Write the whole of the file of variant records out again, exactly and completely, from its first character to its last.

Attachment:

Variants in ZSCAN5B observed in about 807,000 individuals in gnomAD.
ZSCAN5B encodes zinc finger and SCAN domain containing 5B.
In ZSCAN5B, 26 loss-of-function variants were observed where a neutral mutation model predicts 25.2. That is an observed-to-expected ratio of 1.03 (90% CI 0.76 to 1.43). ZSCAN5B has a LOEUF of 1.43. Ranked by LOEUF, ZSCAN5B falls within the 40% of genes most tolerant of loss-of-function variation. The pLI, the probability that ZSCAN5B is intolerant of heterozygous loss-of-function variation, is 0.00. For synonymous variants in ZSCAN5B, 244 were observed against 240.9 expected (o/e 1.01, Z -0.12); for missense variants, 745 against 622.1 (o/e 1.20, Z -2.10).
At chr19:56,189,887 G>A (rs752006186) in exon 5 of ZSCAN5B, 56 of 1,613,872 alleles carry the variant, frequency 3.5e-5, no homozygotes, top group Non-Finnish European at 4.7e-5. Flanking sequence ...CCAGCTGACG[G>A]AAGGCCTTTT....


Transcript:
Variants in ZSCAN5B observed in about 807,000 individuals in gnomAD.
ZSCAN5B encodes zinc finger and SCAN domain containing 5B.
In ZSCAN5B, 26 loss-of-function variants were observed where a neutral mutation model predicts 25.2. That is an observed-to-expected ratio of 1.03 (90% CI 0.76 to 1.43). ZSCAN5B has a LOEUF of 1.43. Ranked by LOEUF, ZSCAN5B falls within the 40% of genes most tolerant of loss-of-function variation. The pLI, the probability that ZSCAN5B is intolerant of heterozygous loss-of-function variation, is 0.00. For synonymous variants in ZSCAN5B, 244 were observed against 240.9 expected (o/e 1.01, Z -0.12); for missense variants, 745 against 622.1 (o/e 1.20, Z -2.10).
At chr19:56,189,887 G>A (rs752006186) in exon 5 of ZSCAN5B, 56 of 1,613,872 alleles carry the variant, frequency 3.5e-5, no homozygotes, top group Non-Finnish European at 4.7e-5. Flanking sequence ...CCAGCTGACG[G>A]AAGGCCTTTT....